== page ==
Still, those two movies are hobbled by another statistical precedent, and it would be only fair to The Revenant to mention it …

You need more than two Oscar wins to get Best Picture.
Both Spotlight and The Big Short are expected to triumph in their respective screenplay categories, but another win may be hard to come by. It’s awfully rare for a movie to win Best Picture that has such meager support elsewhere — in fact, the last Best Picture winner to take home only one other Oscar was 1952’s The Greatest Show on Earth. That’s why this year’s Oscar ceremony will likely be such a nail-biter: While Spotlight and The Big Short still have a good shot at winning Best Picture, The Revenant will likely clean up in other categories before those other films even have a chance to get on the board, and at least two Revenant wins for Leonardo DiCaprio and cinematographer Emmanuel Lubezki are assured. Two other races could prove conclusive, though. If Spotlight’s Mark Ruffalo or The Big Short’s Christian Bale can upset Creed star Sylvester Stallone in the Best Supporting Actor race, that could be a Best Picture clincher for their films. Ditto Best Editing, where The Big Short is competitive with Mad Max: Fury Road. If Spotlight or The Big Short can pull off either of those significant wins, upping their Oscar total past the typical threshold, look for The Revenant to be left out in the cold when it comes to Best Picture.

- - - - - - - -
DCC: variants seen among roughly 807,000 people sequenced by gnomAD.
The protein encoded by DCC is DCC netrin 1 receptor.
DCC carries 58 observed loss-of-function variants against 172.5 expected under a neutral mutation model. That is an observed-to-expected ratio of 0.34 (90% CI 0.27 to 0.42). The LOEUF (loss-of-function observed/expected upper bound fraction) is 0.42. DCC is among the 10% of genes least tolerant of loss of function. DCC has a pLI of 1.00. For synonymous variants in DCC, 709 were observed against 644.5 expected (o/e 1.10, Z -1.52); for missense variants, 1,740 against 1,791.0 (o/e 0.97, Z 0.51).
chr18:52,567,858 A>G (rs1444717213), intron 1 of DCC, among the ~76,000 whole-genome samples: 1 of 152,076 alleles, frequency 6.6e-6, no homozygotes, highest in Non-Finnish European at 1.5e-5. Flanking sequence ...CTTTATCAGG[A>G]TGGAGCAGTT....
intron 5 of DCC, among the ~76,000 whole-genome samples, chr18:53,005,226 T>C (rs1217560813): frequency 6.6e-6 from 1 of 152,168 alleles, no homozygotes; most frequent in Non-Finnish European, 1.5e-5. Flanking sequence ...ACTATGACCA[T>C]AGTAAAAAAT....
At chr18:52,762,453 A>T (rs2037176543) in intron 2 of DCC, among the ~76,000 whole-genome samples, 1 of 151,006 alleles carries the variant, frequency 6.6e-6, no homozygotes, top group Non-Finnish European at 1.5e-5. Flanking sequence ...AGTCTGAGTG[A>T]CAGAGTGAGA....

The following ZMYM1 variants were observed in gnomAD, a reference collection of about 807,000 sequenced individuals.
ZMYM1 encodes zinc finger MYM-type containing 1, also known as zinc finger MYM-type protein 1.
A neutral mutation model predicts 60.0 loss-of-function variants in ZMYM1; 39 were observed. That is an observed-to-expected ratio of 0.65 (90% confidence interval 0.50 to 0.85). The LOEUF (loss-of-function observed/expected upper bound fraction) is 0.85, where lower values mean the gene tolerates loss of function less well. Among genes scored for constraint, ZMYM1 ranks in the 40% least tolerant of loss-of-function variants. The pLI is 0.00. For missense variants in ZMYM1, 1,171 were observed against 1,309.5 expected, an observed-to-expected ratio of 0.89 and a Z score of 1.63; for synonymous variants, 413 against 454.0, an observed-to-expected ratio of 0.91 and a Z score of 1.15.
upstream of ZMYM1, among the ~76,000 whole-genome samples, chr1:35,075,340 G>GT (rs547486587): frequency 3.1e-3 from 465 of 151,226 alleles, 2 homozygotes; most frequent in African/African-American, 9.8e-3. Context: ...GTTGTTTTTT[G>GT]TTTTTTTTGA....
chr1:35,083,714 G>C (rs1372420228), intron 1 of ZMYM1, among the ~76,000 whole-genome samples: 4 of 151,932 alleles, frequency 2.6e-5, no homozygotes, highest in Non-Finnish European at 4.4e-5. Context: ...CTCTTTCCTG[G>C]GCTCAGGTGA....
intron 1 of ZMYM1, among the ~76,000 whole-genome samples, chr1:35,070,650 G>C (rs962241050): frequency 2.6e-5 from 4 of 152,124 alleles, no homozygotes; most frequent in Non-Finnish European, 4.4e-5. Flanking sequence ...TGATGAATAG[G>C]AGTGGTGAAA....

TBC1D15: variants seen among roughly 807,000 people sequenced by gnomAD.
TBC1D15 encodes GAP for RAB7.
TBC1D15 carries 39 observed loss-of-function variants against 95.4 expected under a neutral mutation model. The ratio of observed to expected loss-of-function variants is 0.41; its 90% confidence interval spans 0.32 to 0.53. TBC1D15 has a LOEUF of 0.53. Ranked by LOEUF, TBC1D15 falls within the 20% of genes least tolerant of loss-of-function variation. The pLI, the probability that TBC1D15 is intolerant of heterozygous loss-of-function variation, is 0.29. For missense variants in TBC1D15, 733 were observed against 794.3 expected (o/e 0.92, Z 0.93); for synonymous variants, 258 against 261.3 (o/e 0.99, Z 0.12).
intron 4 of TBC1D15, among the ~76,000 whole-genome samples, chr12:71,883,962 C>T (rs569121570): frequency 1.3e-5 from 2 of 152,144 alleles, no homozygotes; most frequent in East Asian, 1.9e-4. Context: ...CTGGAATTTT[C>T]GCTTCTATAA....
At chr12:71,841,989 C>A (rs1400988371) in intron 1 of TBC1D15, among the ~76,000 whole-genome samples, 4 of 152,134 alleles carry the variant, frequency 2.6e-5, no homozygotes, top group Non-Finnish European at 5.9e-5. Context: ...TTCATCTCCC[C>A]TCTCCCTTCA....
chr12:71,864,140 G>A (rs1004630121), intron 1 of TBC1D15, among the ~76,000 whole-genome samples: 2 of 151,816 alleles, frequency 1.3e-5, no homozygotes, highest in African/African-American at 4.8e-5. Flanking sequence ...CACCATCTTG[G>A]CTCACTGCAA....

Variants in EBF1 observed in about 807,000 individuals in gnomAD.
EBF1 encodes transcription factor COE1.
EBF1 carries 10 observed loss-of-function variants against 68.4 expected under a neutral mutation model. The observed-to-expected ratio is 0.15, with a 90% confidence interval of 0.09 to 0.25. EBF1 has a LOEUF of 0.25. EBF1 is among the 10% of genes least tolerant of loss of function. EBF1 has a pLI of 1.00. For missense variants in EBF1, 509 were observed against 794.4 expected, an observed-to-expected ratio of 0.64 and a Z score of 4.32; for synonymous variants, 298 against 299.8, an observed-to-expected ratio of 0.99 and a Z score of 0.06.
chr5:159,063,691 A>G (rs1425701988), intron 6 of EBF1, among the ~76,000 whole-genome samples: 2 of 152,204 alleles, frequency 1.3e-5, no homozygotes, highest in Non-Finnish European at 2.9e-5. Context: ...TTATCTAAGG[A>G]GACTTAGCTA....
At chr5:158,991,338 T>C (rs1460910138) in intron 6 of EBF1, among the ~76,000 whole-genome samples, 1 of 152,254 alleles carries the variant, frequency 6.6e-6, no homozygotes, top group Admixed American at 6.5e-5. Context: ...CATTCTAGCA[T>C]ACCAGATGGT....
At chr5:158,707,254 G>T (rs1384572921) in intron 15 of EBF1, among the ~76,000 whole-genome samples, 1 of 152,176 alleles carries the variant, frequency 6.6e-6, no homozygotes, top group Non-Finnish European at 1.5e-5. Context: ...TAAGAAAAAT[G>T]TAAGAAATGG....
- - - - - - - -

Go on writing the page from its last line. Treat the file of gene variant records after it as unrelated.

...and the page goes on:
For more about The Revenant’s Best Picture odds, as well as Leo and Brie’s sure-thing Best Actor/Actress wins, listen to Vulture and the Frame’s The Awards Show Show podcast below — and be sure to subscribe to stay on top of this year’s awards conversation.

Why The Revenant Might Not Win Best Picture